(BLACK PR WIRE) – Grammy-winning Sam Moore – best known for lending his unmistakable lead vocals to the historic soul duo Sam & Dave – hailed from Miami but found fame tied to the Memphis-based Stax Records. His latest work has him returning to Memphis to record a piece of history.
"They Killed A King," is Sam's latest musical endeavor. It was recorded at Willie Mitchell's Royal Studios, where Anne Peebles and Al Green cut their hit records back in the day, during the 2014 MLK Holiday weekend. It was released officially on Friday, April 4th, the 46th anniversary of Dr. King's assassination in Memphis at the Lorraine Motel.
Moore knew and traveled with Dr. King, performing with duo partner Dave at many of Dr. King's speeches and rallies in both the north and south. "Sam and Dave" actually served as an opening act, setting the crowds up for Dr. King to take the pulpit or stage and preach his message.
"Until the killing of black men, black mothers' sons, becomes as important to the rest of the country as the killing of a white mother's son – we who believe in freedom cannot rest until this happens."
– Ella Baker
The quote above is from Ella Baker 50 years ago, and like so much about this visionary civil rights leader it is still just as relevant today. She was talking about the murders of Civil Rights Movement workers James Chaney, Andrew Goodman, and Michael Schwerner, who disappeared together in Mississippi in June 1964. Chaney was black, and Goodman and Schwerner were white.
Ella Baker was an outspoken warrior against injustice and inequality her entire life, and always, always unwilling to rest. Her words continue to be a rallying cry for all of us who believe our nation still does not see and value black and white children's lives the same way.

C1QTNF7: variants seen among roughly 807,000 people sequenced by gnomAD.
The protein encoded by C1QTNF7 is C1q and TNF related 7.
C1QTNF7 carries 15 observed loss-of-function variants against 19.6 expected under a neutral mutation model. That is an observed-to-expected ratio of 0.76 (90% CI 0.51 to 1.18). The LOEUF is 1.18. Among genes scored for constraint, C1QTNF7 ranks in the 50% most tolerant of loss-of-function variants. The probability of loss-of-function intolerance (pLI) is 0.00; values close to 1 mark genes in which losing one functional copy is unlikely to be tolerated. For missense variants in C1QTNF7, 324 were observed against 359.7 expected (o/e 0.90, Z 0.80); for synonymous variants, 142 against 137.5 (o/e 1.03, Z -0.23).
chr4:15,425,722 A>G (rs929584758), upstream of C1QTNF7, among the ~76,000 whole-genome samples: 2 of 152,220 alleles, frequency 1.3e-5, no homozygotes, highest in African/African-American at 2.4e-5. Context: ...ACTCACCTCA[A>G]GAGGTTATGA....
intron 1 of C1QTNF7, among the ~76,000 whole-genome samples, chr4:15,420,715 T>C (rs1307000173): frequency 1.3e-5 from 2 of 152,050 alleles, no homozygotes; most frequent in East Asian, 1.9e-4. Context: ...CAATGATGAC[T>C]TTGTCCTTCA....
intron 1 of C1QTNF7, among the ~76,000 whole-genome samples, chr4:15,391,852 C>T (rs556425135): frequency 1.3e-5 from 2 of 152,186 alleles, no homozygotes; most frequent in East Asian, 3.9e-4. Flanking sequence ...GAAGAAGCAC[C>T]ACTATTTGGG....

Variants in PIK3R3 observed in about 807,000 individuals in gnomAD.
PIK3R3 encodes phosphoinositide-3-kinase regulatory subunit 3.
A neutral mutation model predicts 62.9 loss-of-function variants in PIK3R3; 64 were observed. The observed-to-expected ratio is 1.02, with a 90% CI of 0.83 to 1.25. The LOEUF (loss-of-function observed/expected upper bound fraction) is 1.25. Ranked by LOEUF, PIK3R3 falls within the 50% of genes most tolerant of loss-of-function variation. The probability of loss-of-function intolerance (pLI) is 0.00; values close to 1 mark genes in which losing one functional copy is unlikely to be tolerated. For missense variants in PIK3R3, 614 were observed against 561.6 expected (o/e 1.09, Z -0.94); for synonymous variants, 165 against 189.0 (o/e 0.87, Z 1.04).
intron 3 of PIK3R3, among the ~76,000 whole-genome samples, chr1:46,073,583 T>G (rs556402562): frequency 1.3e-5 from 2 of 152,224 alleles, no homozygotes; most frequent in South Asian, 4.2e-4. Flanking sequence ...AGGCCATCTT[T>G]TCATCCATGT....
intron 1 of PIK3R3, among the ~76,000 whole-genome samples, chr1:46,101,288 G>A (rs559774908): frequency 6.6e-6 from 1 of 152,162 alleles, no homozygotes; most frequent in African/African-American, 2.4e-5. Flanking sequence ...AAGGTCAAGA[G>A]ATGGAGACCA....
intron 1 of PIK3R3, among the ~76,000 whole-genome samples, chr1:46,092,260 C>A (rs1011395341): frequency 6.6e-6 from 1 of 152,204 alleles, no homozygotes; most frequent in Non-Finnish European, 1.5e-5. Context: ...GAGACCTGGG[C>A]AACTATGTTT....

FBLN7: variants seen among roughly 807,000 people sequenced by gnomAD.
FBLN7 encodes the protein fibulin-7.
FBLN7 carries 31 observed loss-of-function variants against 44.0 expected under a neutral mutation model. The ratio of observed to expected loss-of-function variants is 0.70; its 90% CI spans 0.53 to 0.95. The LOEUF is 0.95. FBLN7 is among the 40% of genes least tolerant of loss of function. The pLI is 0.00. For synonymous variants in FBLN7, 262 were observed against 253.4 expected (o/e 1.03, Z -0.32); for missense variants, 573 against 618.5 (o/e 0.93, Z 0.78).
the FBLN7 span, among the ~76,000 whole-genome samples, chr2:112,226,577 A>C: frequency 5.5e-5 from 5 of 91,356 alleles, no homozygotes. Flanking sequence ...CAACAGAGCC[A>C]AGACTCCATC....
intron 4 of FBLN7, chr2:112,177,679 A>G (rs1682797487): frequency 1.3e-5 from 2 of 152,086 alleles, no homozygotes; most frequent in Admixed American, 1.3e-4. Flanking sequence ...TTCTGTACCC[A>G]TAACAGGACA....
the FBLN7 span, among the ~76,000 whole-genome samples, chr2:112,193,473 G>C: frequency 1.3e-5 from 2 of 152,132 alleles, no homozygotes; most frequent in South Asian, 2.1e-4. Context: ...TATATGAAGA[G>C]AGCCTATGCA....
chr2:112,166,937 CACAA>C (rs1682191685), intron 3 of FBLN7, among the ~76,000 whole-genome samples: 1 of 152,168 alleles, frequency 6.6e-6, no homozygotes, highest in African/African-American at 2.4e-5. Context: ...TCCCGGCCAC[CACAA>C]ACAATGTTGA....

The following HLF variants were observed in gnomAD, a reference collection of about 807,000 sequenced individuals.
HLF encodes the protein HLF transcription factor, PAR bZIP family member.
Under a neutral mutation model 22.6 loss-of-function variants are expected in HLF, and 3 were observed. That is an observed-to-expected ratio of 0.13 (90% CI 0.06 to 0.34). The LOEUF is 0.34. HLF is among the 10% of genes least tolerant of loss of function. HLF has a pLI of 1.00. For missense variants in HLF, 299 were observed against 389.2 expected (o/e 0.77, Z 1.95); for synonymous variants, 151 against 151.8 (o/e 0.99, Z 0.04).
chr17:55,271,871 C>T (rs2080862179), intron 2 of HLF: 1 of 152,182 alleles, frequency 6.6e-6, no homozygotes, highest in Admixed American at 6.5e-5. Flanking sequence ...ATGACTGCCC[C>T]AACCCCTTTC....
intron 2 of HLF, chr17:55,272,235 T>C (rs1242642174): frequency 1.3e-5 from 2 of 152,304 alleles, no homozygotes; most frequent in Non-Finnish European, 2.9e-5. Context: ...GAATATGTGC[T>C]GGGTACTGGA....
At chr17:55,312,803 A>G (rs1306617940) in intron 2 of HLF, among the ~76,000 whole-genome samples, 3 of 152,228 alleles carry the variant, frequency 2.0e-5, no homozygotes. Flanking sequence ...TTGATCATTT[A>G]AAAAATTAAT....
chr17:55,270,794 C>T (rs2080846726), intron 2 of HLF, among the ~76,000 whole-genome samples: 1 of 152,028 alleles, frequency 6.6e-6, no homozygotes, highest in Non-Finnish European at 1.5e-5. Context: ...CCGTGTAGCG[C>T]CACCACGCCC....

At the premiere of the Broadway revival of "A Raisin in the Sun" Spike Lee showed up to support the play's star, Denzel Washington, who he's previously collaborated with on four films.
Lee candidly expressed his desire for his fifth film with Washington to be a sequel to 1998's "He Got Game."
"He Got Game 2 (should be my fifth film with Washington). I hope so." Lee said. "I want to do it, Rosario (Dawson) wants to do it, Ray Allen wants to do it..."
Margarita "Maggie" Anderson wants to transform "Buy Black" from a leftover 1960s slogan to a modern economic empowerment strategy. And because she has lived it, there is no person better qualified to lead the charge.
Anderson and her family spent all of 2009 purchasing goods and services exclusively from black merchants. She is author of a book cataloguing her experience titled, "Our Black Year." She also authored an essay in the State of Black America report issued Thursday by the National Urban League titled, "Facts vs. Fiction: Buying Black as an Economic Empowerment Strategy."
Like the farmer trying to get his mule's attention, Anderson whacks us across the head in the National Urban League report with two disturbing facts.
WASHINGTON – The wealth gap between African Americans and whites has expanded in recent years and is not likely to narrow without significant reductions in black unemployment and changes in a system that favors the wealthy over poor and middle class Americans, according the National Urban League's 38th annual State of Black America report titled, "One Nation Underemployed: Jobs Rebuild America."
The report was to be released Thursday (April 3rd) at a news conference at the National Press Club in the nation's capital.
In a statement accompanying the report, Marc H. Morial, president and CEO of the National Urban League, said: "The 2014 State of Black America and corresponding Equality Index indicate that while each state and city has its own economic recovery story to tell, the consistent refrain is that there is an urgent and growing disparity between the few who are reaping the rewards of economic recovery and the majority who are still reeling from aftershocks of the Great Recession."
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